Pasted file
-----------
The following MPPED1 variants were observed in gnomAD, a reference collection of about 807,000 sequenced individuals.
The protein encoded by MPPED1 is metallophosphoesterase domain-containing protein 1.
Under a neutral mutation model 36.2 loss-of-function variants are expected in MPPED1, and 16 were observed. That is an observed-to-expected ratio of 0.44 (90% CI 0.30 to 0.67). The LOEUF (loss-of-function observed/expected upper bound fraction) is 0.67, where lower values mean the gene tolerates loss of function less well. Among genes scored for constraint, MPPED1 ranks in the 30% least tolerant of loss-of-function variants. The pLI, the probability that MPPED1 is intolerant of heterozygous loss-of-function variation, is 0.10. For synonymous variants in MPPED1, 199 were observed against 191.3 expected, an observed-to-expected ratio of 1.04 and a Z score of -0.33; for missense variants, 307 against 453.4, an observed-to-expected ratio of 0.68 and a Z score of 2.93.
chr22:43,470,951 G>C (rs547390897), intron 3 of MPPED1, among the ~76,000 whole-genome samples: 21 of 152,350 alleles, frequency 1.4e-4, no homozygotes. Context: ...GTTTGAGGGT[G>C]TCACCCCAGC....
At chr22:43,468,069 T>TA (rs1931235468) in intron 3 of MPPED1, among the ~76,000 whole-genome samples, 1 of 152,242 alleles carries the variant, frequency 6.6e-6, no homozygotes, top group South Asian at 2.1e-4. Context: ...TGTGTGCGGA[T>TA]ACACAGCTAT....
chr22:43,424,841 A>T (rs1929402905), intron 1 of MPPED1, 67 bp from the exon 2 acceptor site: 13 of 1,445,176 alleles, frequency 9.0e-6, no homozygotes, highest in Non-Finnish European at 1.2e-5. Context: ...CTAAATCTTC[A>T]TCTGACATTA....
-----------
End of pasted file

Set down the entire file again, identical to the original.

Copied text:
The following MPPED1 variants were observed in gnomAD, a reference collection of about 807,000 sequenced individuals.
The protein encoded by MPPED1 is metallophosphoesterase domain-containing protein 1.
Under a neutral mutation model 36.2 loss-of-function variants are expected in MPPED1, and 16 were observed. That is an observed-to-expected ratio of 0.44 (90% CI 0.30 to 0.67). The LOEUF (loss-of-function observed/expected upper bound fraction) is 0.67, where lower values mean the gene tolerates loss of function less well. Among genes scored for constraint, MPPED1 ranks in the 30% least tolerant of loss-of-function variants. The pLI, the probability that MPPED1 is intolerant of heterozygous loss-of-function variation, is 0.10. For synonymous variants in MPPED1, 199 were observed against 191.3 expected, an observed-to-expected ratio of 1.04 and a Z score of -0.33; for missense variants, 307 against 453.4, an observed-to-expected ratio of 0.68 and a Z score of 2.93.
chr22:43,470,951 G>C (rs547390897), intron 3 of MPPED1, among the ~76,000 whole-genome samples: 21 of 152,350 alleles, frequency 1.4e-4, no homozygotes. Context: ...GTTTGAGGGT[G>C]TCACCCCAGC....
At chr22:43,468,069 T>TA (rs1931235468) in intron 3 of MPPED1, among the ~76,000 whole-genome samples, 1 of 152,242 alleles carries the variant, frequency 6.6e-6, no homozygotes, top group South Asian at 2.1e-4. Context: ...TGTGTGCGGA[T>TA]ACACAGCTAT....
chr22:43,424,841 A>T (rs1929402905), intron 1 of MPPED1, 67 bp from the exon 2 acceptor site: 13 of 1,445,176 alleles, frequency 9.0e-6, no homozygotes, highest in Non-Finnish European at 1.2e-5. Context: ...CTAAATCTTC[A>T]TCTGACATTA....